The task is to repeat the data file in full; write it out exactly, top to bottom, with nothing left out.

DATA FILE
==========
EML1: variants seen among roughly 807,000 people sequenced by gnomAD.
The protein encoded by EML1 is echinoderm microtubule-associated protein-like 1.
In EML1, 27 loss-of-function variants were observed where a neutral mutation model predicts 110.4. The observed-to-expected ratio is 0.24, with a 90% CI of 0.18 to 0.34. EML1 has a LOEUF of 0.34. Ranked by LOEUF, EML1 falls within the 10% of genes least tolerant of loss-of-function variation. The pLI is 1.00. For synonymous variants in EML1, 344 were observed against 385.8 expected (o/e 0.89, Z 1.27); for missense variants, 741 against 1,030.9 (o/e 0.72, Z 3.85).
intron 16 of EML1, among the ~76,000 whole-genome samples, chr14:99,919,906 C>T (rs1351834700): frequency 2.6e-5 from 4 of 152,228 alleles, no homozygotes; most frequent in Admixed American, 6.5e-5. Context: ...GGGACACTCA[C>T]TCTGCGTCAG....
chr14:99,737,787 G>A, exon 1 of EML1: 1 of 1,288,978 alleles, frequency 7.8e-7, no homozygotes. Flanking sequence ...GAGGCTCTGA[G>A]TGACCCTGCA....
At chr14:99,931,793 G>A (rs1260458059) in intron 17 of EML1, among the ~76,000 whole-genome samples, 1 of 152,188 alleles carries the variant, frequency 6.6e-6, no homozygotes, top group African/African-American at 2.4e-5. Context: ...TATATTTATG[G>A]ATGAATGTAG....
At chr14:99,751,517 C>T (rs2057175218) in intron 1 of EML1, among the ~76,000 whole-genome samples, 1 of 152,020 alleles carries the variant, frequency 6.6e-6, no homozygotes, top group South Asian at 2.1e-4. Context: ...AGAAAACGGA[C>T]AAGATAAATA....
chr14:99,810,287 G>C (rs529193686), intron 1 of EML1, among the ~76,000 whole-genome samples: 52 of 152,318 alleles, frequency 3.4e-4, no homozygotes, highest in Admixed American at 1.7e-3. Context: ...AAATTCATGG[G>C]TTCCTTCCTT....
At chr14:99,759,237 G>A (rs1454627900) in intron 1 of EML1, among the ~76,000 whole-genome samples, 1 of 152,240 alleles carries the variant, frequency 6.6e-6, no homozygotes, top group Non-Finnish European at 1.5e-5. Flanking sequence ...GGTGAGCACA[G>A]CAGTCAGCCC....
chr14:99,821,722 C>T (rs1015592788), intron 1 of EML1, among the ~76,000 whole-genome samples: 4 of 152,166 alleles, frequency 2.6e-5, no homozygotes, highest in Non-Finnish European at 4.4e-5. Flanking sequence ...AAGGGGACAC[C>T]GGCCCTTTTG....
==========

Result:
EML1: variants seen among roughly 807,000 people sequenced by gnomAD.
The protein encoded by EML1 is echinoderm microtubule-associated protein-like 1.
In EML1, 27 loss-of-function variants were observed where a neutral mutation model predicts 110.4. The observed-to-expected ratio is 0.24, with a 90% CI of 0.18 to 0.34. EML1 has a LOEUF of 0.34. Ranked by LOEUF, EML1 falls within the 10% of genes least tolerant of loss-of-function variation. The pLI is 1.00. For synonymous variants in EML1, 344 were observed against 385.8 expected (o/e 0.89, Z 1.27); for missense variants, 741 against 1,030.9 (o/e 0.72, Z 3.85).
intron 16 of EML1, among the ~76,000 whole-genome samples, chr14:99,919,906 C>T (rs1351834700): frequency 2.6e-5 from 4 of 152,228 alleles, no homozygotes; most frequent in Admixed American, 6.5e-5. Context: ...GGGACACTCA[C>T]TCTGCGTCAG....
chr14:99,737,787 G>A, exon 1 of EML1: 1 of 1,288,978 alleles, frequency 7.8e-7, no homozygotes. Flanking sequence ...GAGGCTCTGA[G>A]TGACCCTGCA....
At chr14:99,931,793 G>A (rs1260458059) in intron 17 of EML1, among the ~76,000 whole-genome samples, 1 of 152,188 alleles carries the variant, frequency 6.6e-6, no homozygotes, top group African/African-American at 2.4e-5. Context: ...TATATTTATG[G>A]ATGAATGTAG....
At chr14:99,751,517 C>T (rs2057175218) in intron 1 of EML1, among the ~76,000 whole-genome samples, 1 of 152,020 alleles carries the variant, frequency 6.6e-6, no homozygotes, top group South Asian at 2.1e-4. Context: ...AGAAAACGGA[C>T]AAGATAAATA....
chr14:99,810,287 G>C (rs529193686), intron 1 of EML1, among the ~76,000 whole-genome samples: 52 of 152,318 alleles, frequency 3.4e-4, no homozygotes, highest in Admixed American at 1.7e-3. Context: ...AAATTCATGG[G>C]TTCCTTCCTT....
At chr14:99,759,237 G>A (rs1454627900) in intron 1 of EML1, among the ~76,000 whole-genome samples, 1 of 152,240 alleles carries the variant, frequency 6.6e-6, no homozygotes, top group Non-Finnish European at 1.5e-5. Flanking sequence ...GGTGAGCACA[G>A]CAGTCAGCCC....
chr14:99,821,722 C>T (rs1015592788), intron 1 of EML1, among the ~76,000 whole-genome samples: 4 of 152,166 alleles, frequency 2.6e-5, no homozygotes, highest in Non-Finnish European at 4.4e-5. Flanking sequence ...AAGGGGACAC[C>T]GGCCCTTTTG....